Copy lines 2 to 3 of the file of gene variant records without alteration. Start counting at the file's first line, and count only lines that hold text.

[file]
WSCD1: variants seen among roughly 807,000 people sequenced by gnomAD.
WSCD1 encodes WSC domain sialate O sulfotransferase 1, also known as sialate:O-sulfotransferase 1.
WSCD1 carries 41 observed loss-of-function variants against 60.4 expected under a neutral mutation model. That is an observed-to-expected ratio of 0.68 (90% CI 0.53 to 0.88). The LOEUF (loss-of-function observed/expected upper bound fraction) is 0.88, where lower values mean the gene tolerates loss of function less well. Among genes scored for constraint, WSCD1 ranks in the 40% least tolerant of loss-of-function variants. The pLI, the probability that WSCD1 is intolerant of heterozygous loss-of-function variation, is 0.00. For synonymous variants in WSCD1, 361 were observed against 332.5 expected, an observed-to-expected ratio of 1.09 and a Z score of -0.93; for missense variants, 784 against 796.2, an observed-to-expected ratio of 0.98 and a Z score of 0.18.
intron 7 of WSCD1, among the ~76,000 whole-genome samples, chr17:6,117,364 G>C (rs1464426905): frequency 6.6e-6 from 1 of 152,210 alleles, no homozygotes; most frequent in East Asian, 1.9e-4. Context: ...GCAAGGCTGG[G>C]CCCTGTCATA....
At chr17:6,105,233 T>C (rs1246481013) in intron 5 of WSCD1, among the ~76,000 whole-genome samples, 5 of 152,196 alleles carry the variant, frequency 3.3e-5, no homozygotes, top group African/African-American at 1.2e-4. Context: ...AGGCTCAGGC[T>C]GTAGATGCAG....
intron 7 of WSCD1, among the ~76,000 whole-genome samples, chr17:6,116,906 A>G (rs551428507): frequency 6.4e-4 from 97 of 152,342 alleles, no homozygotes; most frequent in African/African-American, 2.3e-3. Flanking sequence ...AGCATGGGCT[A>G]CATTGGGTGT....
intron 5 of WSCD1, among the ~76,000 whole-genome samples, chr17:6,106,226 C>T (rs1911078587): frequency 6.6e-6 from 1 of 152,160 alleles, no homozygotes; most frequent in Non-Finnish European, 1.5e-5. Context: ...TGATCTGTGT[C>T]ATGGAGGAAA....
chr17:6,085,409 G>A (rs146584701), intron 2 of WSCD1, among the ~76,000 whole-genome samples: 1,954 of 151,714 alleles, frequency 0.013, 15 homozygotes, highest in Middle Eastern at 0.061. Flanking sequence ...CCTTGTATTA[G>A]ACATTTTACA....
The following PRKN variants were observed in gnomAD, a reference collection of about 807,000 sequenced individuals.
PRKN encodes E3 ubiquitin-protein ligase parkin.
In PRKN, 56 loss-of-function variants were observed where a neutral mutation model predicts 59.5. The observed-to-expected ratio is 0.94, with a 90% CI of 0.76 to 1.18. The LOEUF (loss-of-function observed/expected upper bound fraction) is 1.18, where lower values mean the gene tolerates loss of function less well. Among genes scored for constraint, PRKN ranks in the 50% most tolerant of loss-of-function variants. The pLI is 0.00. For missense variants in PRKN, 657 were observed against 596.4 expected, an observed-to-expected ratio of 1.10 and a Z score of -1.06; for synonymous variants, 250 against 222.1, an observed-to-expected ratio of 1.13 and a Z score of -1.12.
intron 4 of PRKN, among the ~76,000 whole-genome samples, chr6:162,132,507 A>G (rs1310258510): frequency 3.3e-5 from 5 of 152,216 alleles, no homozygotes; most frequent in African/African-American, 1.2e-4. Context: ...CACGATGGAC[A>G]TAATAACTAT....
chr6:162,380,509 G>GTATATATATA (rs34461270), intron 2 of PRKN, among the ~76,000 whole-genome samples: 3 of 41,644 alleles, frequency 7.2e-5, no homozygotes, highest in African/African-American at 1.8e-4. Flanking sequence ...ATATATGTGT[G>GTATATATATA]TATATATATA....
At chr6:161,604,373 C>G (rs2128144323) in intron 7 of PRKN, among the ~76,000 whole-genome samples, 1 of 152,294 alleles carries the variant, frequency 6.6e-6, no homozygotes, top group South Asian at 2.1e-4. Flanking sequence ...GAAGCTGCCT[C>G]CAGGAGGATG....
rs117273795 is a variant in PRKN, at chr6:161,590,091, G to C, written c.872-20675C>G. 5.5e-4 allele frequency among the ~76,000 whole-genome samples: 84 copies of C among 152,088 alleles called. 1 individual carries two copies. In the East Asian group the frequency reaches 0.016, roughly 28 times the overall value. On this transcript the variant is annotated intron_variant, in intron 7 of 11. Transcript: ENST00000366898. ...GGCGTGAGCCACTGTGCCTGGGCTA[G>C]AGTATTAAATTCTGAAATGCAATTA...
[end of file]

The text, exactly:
WSCD1 encodes WSC domain sialate O sulfotransferase 1, also known as sialate:O-sulfotransferase 1.
WSCD1 carries 41 observed loss-of-function variants against 60.4 expected under a neutral mutation model. That is an observed-to-expected ratio of 0.68 (90% CI 0.53 to 0.88). The LOEUF (loss-of-function observed/expected upper bound fraction) is 0.88, where lower values mean the gene tolerates loss of function less well. Among genes scored for constraint, WSCD1 ranks in the 40% least tolerant of loss-of-function variants. The pLI, the probability that WSCD1 is intolerant of heterozygous loss-of-function variation, is 0.00. For synonymous variants in WSCD1, 361 were observed against 332.5 expected, an observed-to-expected ratio of 1.09 and a Z score of -0.93; for missense variants, 784 against 796.2, an observed-to-expected ratio of 0.98 and a Z score of 0.18.